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The missing Crossbills and the equivocal milestone

November 29, 2010
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For so many American families, scattered hither and yon across the country, the holidays at the end of the year mean travel.  It’s not for nothing that the few days around Thanksgiving are the busiest traveling days of the year.  So many of us head someplace else to spend those few days in late November celebrating pilgrims and turkeys and football and what have you.  For birders this means new sights and new birds, because it doesn’t matter where on the continent you’re going to, if it’s not where you live, the birds are going to be new.  So even if Thanksgiving puts you in the middle of nowhere, there are opportunities for something novel.

At least that’s what I hoped.  Even though most of my wife’s family now makes their homes between 5 and 25 miles of our house, they decided to pass on the long hours of preparation that is the yang to the overeater’s yin and travel west to Blowing Rock, a small mountain community in the northwest part of the state.  I was stoked because, well, I never need an excuse to go to the mountains and I’d hoped that I’d have some time to bird, hopefully searching out some Appalachian specialties I’d heretofore missed.  Birds like Northern Saw-whet Owl, Ruffed Grouse, and especially Red Crossbill.  Even better, with the split of the Winter Wrens netting me an armchair Pacific Wren, I was sitting on 499 ABA area lifers, the very precipice of the figure by which ABA birders are judged*.  The next bird was the big one.  I was excited.  What would it be?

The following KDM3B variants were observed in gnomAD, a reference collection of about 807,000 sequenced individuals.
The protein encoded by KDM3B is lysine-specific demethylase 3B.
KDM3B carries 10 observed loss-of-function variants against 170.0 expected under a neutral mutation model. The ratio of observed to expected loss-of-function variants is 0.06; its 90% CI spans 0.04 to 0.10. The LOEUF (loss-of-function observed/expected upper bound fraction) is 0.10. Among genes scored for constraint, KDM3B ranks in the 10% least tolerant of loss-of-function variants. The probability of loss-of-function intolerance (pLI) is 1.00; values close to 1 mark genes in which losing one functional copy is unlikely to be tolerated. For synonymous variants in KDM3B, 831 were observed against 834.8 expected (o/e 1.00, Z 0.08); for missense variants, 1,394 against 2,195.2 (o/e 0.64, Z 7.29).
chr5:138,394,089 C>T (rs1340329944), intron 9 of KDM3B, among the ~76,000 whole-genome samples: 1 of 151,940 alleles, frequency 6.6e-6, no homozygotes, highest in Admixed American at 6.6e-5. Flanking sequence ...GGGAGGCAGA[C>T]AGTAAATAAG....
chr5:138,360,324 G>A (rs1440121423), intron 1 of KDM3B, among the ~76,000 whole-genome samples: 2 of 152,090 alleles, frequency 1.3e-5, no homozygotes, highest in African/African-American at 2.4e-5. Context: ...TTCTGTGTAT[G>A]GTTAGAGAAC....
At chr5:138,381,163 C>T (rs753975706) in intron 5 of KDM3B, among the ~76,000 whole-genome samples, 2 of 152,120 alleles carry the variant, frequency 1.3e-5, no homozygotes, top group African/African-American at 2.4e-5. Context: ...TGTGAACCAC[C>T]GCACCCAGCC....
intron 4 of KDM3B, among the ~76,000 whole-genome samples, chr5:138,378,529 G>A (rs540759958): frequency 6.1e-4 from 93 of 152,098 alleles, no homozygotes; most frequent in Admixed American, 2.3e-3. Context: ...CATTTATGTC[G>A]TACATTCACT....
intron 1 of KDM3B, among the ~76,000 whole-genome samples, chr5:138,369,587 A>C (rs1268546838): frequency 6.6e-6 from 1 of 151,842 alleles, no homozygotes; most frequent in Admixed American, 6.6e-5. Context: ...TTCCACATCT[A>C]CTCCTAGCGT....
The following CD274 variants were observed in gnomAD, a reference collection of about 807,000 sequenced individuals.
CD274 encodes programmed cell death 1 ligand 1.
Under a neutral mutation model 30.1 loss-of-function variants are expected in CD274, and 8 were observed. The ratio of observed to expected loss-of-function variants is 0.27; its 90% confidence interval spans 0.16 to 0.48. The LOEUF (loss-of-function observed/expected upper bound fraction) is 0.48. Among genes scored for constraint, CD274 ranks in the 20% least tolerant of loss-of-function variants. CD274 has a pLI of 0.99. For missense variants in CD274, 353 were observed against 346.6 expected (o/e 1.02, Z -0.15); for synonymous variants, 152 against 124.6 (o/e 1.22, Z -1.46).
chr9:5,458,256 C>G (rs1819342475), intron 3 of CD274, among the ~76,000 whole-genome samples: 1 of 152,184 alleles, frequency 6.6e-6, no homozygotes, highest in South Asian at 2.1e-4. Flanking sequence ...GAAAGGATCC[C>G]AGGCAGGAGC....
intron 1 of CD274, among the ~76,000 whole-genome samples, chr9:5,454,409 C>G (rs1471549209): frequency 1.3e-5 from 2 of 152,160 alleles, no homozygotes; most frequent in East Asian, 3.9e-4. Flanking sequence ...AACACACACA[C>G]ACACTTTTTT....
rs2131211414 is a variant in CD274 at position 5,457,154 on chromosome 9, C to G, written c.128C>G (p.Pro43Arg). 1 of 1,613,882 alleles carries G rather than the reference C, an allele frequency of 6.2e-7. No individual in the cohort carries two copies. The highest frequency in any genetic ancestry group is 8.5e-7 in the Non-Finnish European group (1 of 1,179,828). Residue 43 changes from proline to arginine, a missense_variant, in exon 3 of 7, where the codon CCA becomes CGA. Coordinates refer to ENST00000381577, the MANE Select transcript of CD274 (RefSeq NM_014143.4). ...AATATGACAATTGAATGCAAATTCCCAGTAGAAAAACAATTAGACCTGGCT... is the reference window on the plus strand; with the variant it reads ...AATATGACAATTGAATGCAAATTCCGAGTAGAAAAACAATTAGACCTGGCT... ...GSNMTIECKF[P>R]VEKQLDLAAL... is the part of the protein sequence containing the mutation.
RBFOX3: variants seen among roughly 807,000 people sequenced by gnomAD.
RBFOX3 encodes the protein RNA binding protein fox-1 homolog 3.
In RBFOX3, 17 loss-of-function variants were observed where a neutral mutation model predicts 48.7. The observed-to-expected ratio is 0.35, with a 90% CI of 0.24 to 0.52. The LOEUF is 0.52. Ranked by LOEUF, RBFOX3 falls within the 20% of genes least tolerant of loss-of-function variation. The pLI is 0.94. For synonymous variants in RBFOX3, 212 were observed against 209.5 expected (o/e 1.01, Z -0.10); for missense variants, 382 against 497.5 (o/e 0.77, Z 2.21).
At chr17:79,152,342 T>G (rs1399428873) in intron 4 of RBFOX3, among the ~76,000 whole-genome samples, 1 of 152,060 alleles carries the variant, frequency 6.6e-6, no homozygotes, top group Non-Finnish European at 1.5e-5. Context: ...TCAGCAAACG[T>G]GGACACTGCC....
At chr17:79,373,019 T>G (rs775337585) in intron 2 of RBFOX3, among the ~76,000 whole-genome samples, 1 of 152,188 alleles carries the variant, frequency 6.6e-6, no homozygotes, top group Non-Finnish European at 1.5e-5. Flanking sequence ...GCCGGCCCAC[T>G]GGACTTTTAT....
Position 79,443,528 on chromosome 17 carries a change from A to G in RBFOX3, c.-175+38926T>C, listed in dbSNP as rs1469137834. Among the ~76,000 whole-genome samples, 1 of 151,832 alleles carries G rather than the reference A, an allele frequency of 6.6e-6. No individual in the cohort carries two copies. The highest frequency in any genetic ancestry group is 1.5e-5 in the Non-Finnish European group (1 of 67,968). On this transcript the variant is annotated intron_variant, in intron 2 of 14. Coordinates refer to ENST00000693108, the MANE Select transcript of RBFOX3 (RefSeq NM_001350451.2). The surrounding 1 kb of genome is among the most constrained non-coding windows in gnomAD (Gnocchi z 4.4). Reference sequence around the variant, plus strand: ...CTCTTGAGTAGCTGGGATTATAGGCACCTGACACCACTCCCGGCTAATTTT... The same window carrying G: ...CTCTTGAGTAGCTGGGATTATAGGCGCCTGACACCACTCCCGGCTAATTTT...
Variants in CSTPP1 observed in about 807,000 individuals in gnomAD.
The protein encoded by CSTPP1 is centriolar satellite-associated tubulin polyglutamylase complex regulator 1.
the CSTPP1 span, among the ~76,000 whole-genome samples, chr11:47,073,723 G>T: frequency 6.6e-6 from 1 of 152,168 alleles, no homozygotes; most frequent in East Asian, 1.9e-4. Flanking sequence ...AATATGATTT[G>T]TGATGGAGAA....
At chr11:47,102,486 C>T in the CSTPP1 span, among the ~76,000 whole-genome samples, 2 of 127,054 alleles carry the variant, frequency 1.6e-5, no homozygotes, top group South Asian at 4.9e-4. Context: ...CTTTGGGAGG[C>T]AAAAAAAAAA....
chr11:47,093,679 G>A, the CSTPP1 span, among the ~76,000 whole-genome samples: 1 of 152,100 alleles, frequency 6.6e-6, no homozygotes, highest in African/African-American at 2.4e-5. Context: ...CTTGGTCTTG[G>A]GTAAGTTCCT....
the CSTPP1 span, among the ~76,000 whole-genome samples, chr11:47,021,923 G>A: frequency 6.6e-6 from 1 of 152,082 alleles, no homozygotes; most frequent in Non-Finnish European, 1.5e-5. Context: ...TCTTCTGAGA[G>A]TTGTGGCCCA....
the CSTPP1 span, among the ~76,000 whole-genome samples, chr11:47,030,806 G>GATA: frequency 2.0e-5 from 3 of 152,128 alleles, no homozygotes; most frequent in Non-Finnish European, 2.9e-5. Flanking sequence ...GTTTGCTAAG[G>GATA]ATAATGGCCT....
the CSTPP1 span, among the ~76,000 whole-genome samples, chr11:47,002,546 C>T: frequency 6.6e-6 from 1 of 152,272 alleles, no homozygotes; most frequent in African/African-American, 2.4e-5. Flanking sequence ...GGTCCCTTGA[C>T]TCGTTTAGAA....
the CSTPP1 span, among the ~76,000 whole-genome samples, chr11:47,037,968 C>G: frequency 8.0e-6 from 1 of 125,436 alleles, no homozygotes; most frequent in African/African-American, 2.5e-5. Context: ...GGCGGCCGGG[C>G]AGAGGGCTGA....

*Judging any birder’s skill by the number on their life list is not recommended, as it’s less a testament to their field ability and more a testament to their ability to travel to lots of different places.  That said, a birder with a life list north of 500 is unequivocally someone who loves birds and has made a serious effort to see as many as possible.  Not that 400 or 450 or even 250 isn’t, but 500 seems to be the threshold at which point it’s clear that birding is a priority.  Any person can see 250 species, but you have to really work for 500.  That’s why it’s notable.